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Show full transcript for Stroke Teaching video

In this lesson, we're going to let you play the role of team leader during a stroke emergency. From start to finish, you'll be in charge of assessing the patient and providing therapy and treatment recommendations.

In this scenario, you've been presented with a 70-year-old female patient. A friend of hers told you that she was watching TV when she started to feel weak and suddenly had difficulty speaking. Her left side also became very weak.

When her friend tried to help her stand up, as told to you by the friend, your patient was unable to walk on her own. She is conscious and breathing normally but appears agitated.

As you ask the patient a few questions, you notice that she's having difficulty speaking and also giving appropriate answers. Her friend said that she noticed the difficulty of speaking about 30 minutes ago.

Your initial assessment recap:

  • 70-year-old female
  • Difficulty speaking
  • Left side weakness
  • Conscious and breathing normally

Because the initial signs indicate a possible stroke, you should perform a stroke assessment. If you're a pre-hospital provider, you might want to perform an abbreviated assessment, known as the Cincinnati Prehospital Stroke Scale (CPSS).

This abbreviated stroke assessment consists of four elements:

  1. Facial droop
  2. Arm drift
  3. Speech
  4. Time

If you're an in-hospital provider, you might want to perform a more detailed full NIH stroke score to more completely document the patient's neurological status.

During your patient's assessment, you found her to be conscious and alert. However, the patient does have facial droop, left arm drift, and has trouble speaking. This is enough information to call for a stroke team to respond and also order an emergency CAT/CT scan.

The next step is to obtain a full set of vitals for this patient. So, you direct one of your team members to place a blood pressure cuff on the woman and also an O2 saturation monitor.

The team member now has the patient's vital signs and tells you the following:

  • Pulse: 78 beats per minute
  • Respiratory rate: 18
  • Blood pressure: 124/100
  • Skin: warm and dry
  • O2 saturation: 96 percent

Based on your patient's vital signs, you determine that she does not need oxygen. At this time, you attach the monitor and get a 12-lead ECG. And as you look at the 12-lead printout, you see a normal sinus rhythm.

You then direct the team member to continue checking the woman's blood pressure every 5 minutes and keep a close eye on any changes in her breathing.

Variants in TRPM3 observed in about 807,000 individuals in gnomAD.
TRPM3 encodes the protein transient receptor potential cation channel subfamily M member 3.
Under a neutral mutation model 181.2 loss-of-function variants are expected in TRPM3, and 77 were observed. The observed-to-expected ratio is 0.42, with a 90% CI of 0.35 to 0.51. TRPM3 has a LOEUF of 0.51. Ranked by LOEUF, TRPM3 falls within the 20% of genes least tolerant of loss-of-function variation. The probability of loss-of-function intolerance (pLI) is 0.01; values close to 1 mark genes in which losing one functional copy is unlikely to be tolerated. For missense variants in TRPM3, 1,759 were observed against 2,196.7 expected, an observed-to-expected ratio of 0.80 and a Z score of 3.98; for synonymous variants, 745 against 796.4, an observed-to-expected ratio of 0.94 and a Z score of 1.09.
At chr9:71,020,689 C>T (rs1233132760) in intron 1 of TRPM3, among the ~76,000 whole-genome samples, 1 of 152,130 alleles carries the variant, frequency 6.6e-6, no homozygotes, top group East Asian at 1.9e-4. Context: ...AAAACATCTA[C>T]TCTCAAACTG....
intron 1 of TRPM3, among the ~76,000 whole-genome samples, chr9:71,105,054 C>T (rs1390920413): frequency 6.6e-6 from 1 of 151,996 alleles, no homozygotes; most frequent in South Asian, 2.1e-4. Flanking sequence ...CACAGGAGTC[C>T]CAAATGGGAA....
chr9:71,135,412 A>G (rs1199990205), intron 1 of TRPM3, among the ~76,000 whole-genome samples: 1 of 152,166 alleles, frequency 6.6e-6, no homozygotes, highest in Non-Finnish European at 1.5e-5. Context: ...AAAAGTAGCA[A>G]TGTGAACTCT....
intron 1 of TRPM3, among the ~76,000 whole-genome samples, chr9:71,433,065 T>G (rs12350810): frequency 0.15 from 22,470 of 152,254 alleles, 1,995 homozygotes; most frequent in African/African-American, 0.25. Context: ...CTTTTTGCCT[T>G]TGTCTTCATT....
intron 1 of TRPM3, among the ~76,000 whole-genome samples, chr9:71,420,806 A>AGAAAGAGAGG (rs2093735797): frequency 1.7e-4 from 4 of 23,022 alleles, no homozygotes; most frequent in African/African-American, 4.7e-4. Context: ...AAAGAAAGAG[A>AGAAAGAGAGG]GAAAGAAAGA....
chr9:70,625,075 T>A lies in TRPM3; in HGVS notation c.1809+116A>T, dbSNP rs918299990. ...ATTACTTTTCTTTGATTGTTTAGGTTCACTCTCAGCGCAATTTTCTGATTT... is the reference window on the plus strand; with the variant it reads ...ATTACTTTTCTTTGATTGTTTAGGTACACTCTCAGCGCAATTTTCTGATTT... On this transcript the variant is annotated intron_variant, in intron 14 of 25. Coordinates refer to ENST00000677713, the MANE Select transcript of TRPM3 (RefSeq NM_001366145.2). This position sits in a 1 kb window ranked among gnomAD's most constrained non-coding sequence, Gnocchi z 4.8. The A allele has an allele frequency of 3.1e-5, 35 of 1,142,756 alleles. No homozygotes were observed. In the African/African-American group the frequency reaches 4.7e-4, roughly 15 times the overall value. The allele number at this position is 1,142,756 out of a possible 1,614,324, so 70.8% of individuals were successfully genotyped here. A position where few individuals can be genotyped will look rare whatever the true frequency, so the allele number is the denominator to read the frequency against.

Pro Tip #1: An important diagnostic tool for potential stroke is blood glucose. Hypoglycemia or low blood glucose can mimic stroke symptoms, such as confusion and slurred speech, so it's important to rule this out.

You direct a team member to check the patient's glucose level and find that it's normal at around 90.

In order to consider fibrinolytic therapy, you need to determine the time since the onset of symptoms. And since the woman arrived at the emergency room, it's been another 15 minutes. Remember, symptoms began 30 minutes before the woman arrived into your care.

Since the patient's blood pressure, O2 saturation, and blood glucose levels are all within normal limits, and since symptoms started less than 3 hours ago, you decide that this patient may be a good candidate for rtPA.

Pro Tip #2: rtPA, also known as recombinant tissue plasminogen activator, includes specific medications like alteplase, reteplase, and tenecteplase. These are often used in clinical medicine to treat embolic or thrombotic stroke.

Indications for rtPA include:

  • Symptom onset less than 3 hours
  • No history of strokes
  • Normal blood glucose levels
  • No blood thinners
  • No contraindicated medications
  • No other contraindications
  • A clear CT scan

If the patient has no history or previous strokes, isn't on blood thinners or contraindicated medications, or has other contraindications, then the CT scan will be the determining factor. If the CT scan shows no hemorrhage, you'll be able to go with rtPA.

To get ready for this potential drug therapy, this would be the time to start an IV. You direct a team member to start an IV – 18 gauge antecubital with normal saline. And you'll keep this at a TKO rate.

Remember, the goal is to recognize the patient's potential stroke signs early and get her the appropriate fibrinolytic therapy, or the most appropriate reperfusion strategy, in a timely remember.